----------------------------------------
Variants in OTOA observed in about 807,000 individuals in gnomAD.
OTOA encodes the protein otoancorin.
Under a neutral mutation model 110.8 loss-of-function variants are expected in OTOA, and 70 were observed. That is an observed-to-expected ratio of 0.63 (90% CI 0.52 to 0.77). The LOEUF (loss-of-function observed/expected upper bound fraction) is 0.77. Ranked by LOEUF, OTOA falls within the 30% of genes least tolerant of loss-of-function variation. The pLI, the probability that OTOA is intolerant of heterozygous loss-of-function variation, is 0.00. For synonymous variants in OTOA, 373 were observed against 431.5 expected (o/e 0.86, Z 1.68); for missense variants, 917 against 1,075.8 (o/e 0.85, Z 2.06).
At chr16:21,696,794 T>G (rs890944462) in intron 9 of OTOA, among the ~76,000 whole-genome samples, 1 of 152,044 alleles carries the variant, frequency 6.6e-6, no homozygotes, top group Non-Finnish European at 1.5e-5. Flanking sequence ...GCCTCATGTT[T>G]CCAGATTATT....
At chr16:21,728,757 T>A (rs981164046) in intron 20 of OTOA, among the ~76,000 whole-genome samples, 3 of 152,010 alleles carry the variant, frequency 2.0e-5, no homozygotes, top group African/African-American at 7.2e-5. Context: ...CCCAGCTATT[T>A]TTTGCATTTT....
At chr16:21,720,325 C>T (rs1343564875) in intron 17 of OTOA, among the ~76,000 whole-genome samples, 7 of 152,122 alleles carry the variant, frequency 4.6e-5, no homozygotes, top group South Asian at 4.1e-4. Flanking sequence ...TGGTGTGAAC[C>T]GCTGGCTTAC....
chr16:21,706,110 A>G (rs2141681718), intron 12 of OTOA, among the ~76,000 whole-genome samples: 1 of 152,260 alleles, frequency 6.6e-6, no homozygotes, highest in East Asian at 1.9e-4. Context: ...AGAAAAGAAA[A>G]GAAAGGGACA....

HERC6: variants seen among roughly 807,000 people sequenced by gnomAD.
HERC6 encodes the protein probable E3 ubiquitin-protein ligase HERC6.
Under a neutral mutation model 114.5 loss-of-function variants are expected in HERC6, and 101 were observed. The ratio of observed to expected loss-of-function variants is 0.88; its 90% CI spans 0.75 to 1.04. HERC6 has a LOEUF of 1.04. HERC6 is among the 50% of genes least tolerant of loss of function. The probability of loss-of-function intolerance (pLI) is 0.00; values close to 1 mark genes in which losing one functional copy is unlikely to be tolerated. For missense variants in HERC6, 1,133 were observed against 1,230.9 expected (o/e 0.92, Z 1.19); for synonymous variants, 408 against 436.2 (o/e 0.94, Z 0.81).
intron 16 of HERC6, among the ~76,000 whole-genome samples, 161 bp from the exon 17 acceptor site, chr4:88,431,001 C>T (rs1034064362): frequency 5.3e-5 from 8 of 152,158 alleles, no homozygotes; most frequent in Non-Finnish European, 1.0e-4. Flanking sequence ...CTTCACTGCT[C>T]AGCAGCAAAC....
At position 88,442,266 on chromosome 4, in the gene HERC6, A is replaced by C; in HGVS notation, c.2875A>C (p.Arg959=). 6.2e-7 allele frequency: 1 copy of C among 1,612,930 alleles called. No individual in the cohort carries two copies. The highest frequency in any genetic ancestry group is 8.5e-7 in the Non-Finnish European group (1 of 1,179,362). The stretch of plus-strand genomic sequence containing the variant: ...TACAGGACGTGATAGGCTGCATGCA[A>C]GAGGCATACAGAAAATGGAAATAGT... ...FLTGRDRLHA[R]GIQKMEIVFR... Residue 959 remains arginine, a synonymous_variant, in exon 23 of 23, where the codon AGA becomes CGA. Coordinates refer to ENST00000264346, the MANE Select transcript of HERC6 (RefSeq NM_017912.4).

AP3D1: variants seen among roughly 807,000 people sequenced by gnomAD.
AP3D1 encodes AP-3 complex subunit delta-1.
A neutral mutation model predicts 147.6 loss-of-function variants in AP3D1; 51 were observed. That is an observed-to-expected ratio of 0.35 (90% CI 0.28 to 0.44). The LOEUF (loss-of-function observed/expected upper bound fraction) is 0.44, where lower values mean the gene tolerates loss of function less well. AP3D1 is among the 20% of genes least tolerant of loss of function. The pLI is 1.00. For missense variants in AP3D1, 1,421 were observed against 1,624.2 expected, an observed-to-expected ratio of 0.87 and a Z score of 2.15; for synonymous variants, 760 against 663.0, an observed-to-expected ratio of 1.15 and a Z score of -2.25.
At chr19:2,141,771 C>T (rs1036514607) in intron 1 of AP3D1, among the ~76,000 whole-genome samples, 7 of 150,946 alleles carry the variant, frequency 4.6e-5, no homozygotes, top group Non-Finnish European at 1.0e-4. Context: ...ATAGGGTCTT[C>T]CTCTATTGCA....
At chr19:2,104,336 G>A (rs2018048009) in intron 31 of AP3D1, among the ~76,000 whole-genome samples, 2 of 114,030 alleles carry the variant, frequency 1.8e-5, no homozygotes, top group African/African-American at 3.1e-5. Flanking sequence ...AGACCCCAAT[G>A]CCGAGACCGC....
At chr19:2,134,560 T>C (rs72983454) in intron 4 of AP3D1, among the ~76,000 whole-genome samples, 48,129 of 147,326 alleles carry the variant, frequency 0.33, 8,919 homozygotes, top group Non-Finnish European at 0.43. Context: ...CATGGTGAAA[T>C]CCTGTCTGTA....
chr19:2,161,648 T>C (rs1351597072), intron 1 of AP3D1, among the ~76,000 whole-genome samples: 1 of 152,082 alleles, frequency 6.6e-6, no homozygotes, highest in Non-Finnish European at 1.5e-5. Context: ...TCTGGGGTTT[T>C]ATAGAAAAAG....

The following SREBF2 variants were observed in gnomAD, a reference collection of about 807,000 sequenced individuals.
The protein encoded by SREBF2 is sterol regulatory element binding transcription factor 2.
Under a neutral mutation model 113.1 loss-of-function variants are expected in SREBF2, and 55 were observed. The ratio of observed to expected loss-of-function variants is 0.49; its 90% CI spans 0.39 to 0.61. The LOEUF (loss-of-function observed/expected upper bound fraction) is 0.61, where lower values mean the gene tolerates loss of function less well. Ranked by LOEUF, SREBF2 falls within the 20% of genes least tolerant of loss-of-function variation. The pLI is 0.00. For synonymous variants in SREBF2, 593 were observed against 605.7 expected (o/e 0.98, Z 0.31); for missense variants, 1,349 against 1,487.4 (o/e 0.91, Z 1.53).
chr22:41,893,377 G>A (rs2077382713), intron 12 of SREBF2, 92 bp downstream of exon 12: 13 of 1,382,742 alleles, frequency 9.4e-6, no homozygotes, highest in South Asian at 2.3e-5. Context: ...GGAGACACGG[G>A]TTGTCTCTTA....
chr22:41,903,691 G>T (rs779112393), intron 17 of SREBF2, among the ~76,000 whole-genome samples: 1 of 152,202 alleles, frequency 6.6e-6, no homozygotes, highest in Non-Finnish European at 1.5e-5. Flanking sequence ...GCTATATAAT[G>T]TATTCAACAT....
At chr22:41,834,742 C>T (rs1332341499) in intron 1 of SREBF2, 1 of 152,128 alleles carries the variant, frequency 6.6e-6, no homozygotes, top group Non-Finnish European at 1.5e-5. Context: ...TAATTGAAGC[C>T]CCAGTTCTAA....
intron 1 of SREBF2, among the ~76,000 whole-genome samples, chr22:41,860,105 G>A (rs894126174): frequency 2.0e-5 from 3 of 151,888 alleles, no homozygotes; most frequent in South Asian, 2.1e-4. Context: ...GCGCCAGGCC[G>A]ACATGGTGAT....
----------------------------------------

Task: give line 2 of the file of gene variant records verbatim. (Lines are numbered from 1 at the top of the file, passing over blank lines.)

OTOA encodes the protein otoancorin.